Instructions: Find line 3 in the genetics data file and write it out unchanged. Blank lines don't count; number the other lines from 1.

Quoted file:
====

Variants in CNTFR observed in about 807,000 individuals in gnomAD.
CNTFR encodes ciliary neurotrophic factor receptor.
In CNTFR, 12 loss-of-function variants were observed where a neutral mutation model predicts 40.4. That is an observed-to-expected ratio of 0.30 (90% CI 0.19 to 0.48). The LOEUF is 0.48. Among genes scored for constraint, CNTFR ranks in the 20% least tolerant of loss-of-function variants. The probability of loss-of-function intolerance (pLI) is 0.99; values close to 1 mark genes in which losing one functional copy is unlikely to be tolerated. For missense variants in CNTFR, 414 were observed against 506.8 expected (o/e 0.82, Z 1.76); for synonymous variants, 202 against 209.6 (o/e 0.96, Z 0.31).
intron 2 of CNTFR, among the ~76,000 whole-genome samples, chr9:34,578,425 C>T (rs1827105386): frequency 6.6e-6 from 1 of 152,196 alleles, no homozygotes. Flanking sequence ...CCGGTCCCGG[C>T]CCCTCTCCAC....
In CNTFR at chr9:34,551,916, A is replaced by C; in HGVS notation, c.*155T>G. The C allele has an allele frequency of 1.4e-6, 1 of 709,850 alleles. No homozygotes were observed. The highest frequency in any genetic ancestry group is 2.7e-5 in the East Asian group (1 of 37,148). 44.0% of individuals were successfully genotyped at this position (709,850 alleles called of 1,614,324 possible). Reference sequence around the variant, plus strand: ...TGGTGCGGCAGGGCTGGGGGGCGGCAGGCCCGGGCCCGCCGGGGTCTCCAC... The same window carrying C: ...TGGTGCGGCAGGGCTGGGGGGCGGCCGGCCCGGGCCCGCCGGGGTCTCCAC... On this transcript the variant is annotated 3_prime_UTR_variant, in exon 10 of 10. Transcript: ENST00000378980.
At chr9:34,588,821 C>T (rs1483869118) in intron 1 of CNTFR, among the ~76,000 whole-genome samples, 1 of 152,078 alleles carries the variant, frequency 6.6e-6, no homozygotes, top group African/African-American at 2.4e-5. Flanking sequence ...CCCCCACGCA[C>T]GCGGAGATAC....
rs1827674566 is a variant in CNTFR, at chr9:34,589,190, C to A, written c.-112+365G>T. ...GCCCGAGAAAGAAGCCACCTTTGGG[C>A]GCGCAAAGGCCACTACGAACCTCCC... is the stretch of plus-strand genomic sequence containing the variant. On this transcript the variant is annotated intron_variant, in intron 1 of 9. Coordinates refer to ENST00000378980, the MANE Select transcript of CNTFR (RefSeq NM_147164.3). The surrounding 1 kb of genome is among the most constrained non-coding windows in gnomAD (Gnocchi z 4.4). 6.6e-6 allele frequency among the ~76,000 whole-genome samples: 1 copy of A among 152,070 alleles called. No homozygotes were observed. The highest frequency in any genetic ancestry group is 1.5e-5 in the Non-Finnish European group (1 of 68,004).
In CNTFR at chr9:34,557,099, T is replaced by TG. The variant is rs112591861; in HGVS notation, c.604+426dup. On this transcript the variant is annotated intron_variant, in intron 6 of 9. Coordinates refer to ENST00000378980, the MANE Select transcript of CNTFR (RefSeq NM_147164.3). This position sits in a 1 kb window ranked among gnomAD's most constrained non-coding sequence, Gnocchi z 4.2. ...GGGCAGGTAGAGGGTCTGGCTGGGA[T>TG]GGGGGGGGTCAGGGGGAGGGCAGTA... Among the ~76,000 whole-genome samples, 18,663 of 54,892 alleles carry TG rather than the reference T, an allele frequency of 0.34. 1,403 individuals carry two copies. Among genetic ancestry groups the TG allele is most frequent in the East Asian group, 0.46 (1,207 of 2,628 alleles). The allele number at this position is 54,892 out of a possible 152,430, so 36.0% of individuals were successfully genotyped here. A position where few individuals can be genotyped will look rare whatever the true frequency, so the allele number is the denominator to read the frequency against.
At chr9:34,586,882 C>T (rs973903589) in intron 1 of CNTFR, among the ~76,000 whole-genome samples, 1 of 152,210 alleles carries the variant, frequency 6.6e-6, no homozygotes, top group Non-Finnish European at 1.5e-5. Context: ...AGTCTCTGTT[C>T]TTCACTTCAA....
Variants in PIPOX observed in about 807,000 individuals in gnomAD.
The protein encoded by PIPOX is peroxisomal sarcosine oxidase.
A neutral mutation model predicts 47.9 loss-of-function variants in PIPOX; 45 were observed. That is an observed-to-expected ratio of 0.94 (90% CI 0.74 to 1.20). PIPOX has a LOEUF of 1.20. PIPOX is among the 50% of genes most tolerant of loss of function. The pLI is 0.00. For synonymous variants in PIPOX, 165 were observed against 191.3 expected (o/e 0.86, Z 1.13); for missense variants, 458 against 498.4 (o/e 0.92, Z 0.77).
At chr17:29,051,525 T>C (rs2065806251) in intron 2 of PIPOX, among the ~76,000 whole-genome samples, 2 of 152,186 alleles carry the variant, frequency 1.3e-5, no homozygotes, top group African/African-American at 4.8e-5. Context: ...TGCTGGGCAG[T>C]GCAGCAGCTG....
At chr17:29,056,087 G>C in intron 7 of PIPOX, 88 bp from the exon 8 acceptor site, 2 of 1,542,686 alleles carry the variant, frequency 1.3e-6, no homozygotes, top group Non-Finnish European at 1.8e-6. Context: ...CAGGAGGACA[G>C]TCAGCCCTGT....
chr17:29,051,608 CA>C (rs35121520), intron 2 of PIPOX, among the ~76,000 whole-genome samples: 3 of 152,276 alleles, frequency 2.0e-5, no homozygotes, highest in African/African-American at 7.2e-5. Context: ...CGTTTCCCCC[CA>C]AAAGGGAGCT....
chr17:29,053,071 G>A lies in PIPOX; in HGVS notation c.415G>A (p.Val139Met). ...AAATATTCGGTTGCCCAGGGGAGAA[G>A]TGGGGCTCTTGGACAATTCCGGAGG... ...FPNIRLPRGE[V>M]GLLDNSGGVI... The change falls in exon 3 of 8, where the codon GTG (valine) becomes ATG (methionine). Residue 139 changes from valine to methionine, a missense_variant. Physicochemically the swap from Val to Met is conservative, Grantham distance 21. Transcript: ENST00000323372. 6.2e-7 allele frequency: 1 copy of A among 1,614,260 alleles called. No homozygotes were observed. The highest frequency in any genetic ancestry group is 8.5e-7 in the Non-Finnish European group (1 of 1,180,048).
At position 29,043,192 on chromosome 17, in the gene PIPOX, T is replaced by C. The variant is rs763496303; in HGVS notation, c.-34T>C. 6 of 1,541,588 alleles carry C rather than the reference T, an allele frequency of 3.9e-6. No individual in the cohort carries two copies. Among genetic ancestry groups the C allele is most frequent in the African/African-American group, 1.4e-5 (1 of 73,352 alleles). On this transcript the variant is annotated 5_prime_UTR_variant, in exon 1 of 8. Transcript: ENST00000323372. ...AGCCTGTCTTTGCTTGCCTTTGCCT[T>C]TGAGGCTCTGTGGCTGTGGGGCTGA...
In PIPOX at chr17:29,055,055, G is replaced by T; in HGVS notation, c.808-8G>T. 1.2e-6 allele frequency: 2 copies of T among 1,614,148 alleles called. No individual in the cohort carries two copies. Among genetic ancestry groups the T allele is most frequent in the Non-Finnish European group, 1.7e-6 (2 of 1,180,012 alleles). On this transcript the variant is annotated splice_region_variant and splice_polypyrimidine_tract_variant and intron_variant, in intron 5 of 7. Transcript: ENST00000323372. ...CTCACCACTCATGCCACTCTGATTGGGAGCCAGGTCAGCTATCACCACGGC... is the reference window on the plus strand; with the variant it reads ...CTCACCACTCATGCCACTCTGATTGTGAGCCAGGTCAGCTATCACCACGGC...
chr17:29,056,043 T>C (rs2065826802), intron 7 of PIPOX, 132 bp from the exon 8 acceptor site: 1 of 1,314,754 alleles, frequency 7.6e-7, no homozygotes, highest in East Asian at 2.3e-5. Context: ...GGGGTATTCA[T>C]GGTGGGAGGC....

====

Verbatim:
In CNTFR, 12 loss-of-function variants were observed where a neutral mutation model predicts 40.4. That is an observed-to-expected ratio of 0.30 (90% CI 0.19 to 0.48). The LOEUF is 0.48. Among genes scored for constraint, CNTFR ranks in the 20% least tolerant of loss-of-function variants. The probability of loss-of-function intolerance (pLI) is 0.99; values close to 1 mark genes in which losing one functional copy is unlikely to be tolerated. For missense variants in CNTFR, 414 were observed against 506.8 expected (o/e 0.82, Z 1.76); for synonymous variants, 202 against 209.6 (o/e 0.96, Z 0.31).